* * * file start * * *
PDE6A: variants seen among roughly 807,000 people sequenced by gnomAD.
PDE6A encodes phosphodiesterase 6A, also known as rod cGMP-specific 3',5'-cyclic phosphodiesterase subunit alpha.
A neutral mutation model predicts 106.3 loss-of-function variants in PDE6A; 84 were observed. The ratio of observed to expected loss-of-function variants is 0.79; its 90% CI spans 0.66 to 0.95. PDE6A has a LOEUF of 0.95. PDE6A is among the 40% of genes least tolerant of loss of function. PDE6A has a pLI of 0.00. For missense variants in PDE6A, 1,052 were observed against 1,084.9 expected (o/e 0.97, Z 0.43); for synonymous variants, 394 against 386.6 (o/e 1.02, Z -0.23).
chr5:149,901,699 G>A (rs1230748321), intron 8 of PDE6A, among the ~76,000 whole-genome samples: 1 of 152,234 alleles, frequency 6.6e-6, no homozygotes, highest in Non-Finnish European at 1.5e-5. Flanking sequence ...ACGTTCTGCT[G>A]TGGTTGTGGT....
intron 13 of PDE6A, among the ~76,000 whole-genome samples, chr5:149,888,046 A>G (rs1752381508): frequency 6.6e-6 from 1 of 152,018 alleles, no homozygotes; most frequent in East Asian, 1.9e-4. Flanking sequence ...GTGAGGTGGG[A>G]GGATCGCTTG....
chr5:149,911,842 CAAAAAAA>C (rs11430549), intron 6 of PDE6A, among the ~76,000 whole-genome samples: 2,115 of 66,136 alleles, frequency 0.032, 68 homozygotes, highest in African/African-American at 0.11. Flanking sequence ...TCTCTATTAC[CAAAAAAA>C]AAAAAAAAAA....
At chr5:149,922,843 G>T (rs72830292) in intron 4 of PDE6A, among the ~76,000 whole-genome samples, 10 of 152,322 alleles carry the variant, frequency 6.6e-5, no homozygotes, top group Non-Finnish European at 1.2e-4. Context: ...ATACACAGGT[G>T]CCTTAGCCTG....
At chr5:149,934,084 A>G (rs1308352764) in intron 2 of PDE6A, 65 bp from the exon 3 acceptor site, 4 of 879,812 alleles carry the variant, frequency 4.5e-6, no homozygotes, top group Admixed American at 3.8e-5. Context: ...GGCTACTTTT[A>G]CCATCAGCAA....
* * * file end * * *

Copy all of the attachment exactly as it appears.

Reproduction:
PDE6A: variants seen among roughly 807,000 people sequenced by gnomAD.
PDE6A encodes phosphodiesterase 6A, also known as rod cGMP-specific 3',5'-cyclic phosphodiesterase subunit alpha.
A neutral mutation model predicts 106.3 loss-of-function variants in PDE6A; 84 were observed. The ratio of observed to expected loss-of-function variants is 0.79; its 90% CI spans 0.66 to 0.95. PDE6A has a LOEUF of 0.95. PDE6A is among the 40% of genes least tolerant of loss of function. PDE6A has a pLI of 0.00. For missense variants in PDE6A, 1,052 were observed against 1,084.9 expected (o/e 0.97, Z 0.43); for synonymous variants, 394 against 386.6 (o/e 1.02, Z -0.23).
chr5:149,901,699 G>A (rs1230748321), intron 8 of PDE6A, among the ~76,000 whole-genome samples: 1 of 152,234 alleles, frequency 6.6e-6, no homozygotes, highest in Non-Finnish European at 1.5e-5. Flanking sequence ...ACGTTCTGCT[G>A]TGGTTGTGGT....
intron 13 of PDE6A, among the ~76,000 whole-genome samples, chr5:149,888,046 A>G (rs1752381508): frequency 6.6e-6 from 1 of 152,018 alleles, no homozygotes; most frequent in East Asian, 1.9e-4. Flanking sequence ...GTGAGGTGGG[A>G]GGATCGCTTG....
chr5:149,911,842 CAAAAAAA>C (rs11430549), intron 6 of PDE6A, among the ~76,000 whole-genome samples: 2,115 of 66,136 alleles, frequency 0.032, 68 homozygotes, highest in African/African-American at 0.11. Flanking sequence ...TCTCTATTAC[CAAAAAAA>C]AAAAAAAAAA....
At chr5:149,922,843 G>T (rs72830292) in intron 4 of PDE6A, among the ~76,000 whole-genome samples, 10 of 152,322 alleles carry the variant, frequency 6.6e-5, no homozygotes, top group Non-Finnish European at 1.2e-4. Context: ...ATACACAGGT[G>T]CCTTAGCCTG....
At chr5:149,934,084 A>G (rs1308352764) in intron 2 of PDE6A, 65 bp from the exon 3 acceptor site, 4 of 879,812 alleles carry the variant, frequency 4.5e-6, no homozygotes, top group Admixed American at 3.8e-5. Context: ...GGCTACTTTT[A>G]CCATCAGCAA....